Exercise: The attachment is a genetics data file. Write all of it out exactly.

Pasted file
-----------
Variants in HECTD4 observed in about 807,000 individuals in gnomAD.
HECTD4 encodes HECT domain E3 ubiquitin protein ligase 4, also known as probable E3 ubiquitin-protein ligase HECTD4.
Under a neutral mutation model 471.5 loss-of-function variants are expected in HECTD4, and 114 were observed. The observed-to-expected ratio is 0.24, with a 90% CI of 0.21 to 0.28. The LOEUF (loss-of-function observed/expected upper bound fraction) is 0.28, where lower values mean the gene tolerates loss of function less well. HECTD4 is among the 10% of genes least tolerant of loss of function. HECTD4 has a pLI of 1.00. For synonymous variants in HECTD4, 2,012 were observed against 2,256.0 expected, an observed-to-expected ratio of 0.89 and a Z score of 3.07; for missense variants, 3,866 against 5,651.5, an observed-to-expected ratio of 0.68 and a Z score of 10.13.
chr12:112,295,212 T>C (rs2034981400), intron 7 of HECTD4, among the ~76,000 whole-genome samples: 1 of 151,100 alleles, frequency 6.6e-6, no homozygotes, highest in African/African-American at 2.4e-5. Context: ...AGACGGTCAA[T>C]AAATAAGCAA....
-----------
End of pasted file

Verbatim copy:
Variants in HECTD4 observed in about 807,000 individuals in gnomAD.
HECTD4 encodes HECT domain E3 ubiquitin protein ligase 4, also known as probable E3 ubiquitin-protein ligase HECTD4.
Under a neutral mutation model 471.5 loss-of-function variants are expected in HECTD4, and 114 were observed. The observed-to-expected ratio is 0.24, with a 90% CI of 0.21 to 0.28. The LOEUF (loss-of-function observed/expected upper bound fraction) is 0.28, where lower values mean the gene tolerates loss of function less well. HECTD4 is among the 10% of genes least tolerant of loss of function. HECTD4 has a pLI of 1.00. For synonymous variants in HECTD4, 2,012 were observed against 2,256.0 expected, an observed-to-expected ratio of 0.89 and a Z score of 3.07; for missense variants, 3,866 against 5,651.5, an observed-to-expected ratio of 0.68 and a Z score of 10.13.
chr12:112,295,212 T>C (rs2034981400), intron 7 of HECTD4, among the ~76,000 whole-genome samples: 1 of 151,100 alleles, frequency 6.6e-6, no homozygotes, highest in African/African-American at 2.4e-5. Context: ...AGACGGTCAA[T>C]AAATAAGCAA....